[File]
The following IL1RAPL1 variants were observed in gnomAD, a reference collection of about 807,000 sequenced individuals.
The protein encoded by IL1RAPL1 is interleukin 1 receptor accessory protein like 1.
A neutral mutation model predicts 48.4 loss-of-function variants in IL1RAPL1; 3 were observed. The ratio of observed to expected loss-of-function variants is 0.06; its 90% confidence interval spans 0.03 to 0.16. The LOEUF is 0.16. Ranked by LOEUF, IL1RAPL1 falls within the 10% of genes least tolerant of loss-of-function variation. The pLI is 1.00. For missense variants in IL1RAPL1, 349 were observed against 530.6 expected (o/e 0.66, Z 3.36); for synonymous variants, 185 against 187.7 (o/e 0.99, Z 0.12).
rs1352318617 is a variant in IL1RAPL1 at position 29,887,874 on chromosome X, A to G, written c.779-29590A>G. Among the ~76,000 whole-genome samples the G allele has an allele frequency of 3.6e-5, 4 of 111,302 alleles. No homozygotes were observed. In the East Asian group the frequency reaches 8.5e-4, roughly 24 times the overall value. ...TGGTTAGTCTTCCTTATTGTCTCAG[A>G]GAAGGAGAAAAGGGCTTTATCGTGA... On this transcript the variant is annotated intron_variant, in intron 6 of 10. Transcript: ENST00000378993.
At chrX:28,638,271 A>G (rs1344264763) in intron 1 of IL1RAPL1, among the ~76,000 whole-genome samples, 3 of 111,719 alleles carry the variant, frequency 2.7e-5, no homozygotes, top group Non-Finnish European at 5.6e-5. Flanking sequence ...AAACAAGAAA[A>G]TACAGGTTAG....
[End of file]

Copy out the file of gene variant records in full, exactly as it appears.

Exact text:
The following IL1RAPL1 variants were observed in gnomAD, a reference collection of about 807,000 sequenced individuals.
The protein encoded by IL1RAPL1 is interleukin 1 receptor accessory protein like 1.
A neutral mutation model predicts 48.4 loss-of-function variants in IL1RAPL1; 3 were observed. The ratio of observed to expected loss-of-function variants is 0.06; its 90% confidence interval spans 0.03 to 0.16. The LOEUF is 0.16. Ranked by LOEUF, IL1RAPL1 falls within the 10% of genes least tolerant of loss-of-function variation. The pLI is 1.00. For missense variants in IL1RAPL1, 349 were observed against 530.6 expected (o/e 0.66, Z 3.36); for synonymous variants, 185 against 187.7 (o/e 0.99, Z 0.12).
rs1352318617 is a variant in IL1RAPL1 at position 29,887,874 on chromosome X, A to G, written c.779-29590A>G. Among the ~76,000 whole-genome samples the G allele has an allele frequency of 3.6e-5, 4 of 111,302 alleles. No homozygotes were observed. In the East Asian group the frequency reaches 8.5e-4, roughly 24 times the overall value. ...TGGTTAGTCTTCCTTATTGTCTCAG[A>G]GAAGGAGAAAAGGGCTTTATCGTGA... On this transcript the variant is annotated intron_variant, in intron 6 of 10. Transcript: ENST00000378993.
At chrX:28,638,271 A>G (rs1344264763) in intron 1 of IL1RAPL1, among the ~76,000 whole-genome samples, 3 of 111,719 alleles carry the variant, frequency 2.7e-5, no homozygotes, top group Non-Finnish European at 5.6e-5. Flanking sequence ...AAACAAGAAA[A>G]TACAGGTTAG....